Easily the best BLM camping in the nation, Utah’s splendor shines in the magnificent, and seemingly non-stop, 360° scenery. While the entire state holds some amount of majesty, much of the best free BLM camping is interwoven with the five national parks that make up the majority of Southern Utah, giving you not only a chance to enjoy nature rent-free, but have a blast exploring the national parks, monuments, state parks and national forests that make up what may be the longest stretch of sheer beauty this country has to offer.
On the eastern side of this area, with Canyonlands and Arches National Parks only minutes away, happening, busy, off-roading Moab is home to Willow Springs Trail, where with a little effort, you can become a postcard, or a Chevy Like a Rock commercial.
South of Moab, monolith testaments to the epic natural history of this part of the country stand sentinel still and titan enormous above the ample free camping in Valley of the Gods. Come well-stocked, as the towns in this area have little to offer outside of gas station conveniences.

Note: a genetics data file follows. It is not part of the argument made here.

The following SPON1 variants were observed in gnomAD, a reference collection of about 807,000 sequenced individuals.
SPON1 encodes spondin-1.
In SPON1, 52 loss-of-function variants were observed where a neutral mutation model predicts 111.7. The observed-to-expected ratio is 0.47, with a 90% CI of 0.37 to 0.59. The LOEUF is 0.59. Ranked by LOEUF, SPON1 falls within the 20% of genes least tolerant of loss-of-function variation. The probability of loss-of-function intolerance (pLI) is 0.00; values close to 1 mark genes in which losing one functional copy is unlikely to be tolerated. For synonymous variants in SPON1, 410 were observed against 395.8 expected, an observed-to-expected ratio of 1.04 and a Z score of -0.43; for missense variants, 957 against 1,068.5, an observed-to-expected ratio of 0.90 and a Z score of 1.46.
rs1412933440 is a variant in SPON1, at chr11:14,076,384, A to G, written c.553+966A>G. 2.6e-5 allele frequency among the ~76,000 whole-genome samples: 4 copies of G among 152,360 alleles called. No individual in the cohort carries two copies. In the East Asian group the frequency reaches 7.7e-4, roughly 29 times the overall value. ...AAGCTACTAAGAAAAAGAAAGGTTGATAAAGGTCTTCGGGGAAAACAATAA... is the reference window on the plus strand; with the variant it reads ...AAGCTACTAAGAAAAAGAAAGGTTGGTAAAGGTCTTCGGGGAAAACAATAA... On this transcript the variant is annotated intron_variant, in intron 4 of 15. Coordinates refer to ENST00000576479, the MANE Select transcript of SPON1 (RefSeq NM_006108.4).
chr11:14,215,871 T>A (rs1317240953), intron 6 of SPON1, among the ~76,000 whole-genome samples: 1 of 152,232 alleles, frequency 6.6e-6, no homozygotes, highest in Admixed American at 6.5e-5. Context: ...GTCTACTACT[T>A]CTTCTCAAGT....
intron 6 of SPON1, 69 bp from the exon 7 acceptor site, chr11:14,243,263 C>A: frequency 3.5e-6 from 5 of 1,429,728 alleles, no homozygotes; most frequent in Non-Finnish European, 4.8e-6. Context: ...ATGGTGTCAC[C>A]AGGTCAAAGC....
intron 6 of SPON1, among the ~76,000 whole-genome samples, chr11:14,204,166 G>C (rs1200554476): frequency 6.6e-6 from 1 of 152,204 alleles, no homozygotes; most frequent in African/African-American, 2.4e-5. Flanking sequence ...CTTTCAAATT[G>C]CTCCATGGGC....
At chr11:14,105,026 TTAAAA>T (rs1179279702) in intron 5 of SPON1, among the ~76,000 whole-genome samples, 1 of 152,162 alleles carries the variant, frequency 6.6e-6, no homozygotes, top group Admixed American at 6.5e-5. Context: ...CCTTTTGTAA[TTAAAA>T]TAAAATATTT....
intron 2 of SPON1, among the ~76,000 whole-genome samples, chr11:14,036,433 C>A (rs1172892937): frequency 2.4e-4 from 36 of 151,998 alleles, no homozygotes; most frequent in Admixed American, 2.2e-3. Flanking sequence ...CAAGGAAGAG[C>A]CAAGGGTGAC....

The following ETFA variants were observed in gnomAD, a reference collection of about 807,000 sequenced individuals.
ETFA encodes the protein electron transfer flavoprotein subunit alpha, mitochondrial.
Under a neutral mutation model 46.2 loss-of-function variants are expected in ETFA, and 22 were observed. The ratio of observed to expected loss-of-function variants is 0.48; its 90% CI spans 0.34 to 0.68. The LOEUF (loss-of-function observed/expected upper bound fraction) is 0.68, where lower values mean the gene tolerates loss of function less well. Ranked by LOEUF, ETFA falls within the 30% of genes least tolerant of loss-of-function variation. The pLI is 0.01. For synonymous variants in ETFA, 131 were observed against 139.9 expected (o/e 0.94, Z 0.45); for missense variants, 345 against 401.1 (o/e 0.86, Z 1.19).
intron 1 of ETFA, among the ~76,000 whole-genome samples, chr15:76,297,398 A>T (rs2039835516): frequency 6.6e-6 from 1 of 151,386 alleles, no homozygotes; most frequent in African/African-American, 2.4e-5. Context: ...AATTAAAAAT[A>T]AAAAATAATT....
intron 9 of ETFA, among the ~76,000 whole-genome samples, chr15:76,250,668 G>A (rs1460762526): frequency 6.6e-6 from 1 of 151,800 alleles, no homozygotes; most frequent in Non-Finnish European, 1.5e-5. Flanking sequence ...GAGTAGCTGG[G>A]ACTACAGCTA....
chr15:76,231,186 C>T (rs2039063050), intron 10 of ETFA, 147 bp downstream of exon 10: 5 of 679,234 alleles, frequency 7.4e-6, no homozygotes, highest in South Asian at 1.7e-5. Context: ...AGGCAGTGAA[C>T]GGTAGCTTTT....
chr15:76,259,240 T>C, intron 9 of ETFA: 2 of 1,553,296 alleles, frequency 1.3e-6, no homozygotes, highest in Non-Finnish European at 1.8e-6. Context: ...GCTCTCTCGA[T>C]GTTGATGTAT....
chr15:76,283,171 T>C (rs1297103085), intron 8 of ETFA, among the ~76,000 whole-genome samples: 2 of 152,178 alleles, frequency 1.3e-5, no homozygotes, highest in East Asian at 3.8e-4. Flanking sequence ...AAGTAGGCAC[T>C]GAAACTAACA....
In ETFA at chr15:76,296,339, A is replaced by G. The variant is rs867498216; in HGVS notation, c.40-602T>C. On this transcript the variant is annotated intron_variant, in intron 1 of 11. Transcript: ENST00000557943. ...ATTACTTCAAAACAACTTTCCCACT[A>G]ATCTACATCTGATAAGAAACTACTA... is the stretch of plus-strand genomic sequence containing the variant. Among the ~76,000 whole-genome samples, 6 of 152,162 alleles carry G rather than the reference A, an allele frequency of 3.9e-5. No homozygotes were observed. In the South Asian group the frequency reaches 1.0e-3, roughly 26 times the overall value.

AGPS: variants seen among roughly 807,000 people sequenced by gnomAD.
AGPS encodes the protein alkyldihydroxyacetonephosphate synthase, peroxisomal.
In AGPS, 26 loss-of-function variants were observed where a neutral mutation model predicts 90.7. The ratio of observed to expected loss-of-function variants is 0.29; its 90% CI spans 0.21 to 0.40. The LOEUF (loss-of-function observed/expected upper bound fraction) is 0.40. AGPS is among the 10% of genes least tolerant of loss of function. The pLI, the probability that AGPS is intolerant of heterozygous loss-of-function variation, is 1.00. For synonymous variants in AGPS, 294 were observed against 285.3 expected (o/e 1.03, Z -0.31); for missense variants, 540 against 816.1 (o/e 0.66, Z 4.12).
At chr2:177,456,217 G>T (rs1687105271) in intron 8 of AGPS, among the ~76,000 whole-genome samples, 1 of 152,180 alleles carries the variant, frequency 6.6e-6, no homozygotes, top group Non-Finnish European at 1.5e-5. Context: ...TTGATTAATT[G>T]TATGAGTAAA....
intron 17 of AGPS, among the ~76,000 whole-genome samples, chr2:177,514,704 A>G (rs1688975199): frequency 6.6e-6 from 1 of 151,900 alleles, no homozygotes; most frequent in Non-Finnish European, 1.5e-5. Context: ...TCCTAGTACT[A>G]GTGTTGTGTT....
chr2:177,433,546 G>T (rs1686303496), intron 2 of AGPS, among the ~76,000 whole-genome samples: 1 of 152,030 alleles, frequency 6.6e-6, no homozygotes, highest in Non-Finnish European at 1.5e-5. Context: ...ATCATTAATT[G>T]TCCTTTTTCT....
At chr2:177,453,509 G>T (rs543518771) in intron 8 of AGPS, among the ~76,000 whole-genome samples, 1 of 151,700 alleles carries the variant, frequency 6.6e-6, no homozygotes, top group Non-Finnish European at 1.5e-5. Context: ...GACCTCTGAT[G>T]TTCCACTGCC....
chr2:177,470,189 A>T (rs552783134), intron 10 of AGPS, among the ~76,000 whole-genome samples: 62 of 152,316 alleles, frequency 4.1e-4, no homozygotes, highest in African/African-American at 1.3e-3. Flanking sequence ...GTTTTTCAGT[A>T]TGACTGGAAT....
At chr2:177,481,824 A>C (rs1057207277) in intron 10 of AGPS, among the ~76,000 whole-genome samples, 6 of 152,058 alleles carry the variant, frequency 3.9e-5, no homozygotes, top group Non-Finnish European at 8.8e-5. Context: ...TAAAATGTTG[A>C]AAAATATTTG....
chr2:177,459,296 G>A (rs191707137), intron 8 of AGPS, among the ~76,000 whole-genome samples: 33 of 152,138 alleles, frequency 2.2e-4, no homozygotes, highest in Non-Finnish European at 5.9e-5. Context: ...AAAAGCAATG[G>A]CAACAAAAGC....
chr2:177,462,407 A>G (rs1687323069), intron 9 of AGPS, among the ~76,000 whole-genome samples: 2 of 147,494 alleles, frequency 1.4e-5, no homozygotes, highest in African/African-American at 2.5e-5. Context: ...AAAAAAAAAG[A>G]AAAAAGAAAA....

On the polar opposite end of the Mighty Five, the name given to Utah’s slew of national parks, Hurricane Ridge rests cliff side and expansive, where the sky and earth compete regularly for fairest maiden of them all. Under a half an hour to Zion National Park, the flagship of the Mighty Five you might say, and the fun little town of Springdale, UT. Nearby BLM camping at North Creek is worth a gander as well, if you want to shave off a few minutes of your drive into the park.
In the middle of it all, an hour outside of Capitol Reef National Park, and just next to Goblin State Park, Wild Horse Road lives up to the goblin concept, with tippy towering rocks capped in even larger boulders, straight out of a Wile E. Coyote cartoon playing the backdrop. If it’s on your way, or if your way hasn’t been set just yet, follow Utah 95 south of Hanksville, all the way to Blanding, for one of the most spectacular roads you’ll ever experience, replete with free camping in a variety of forms.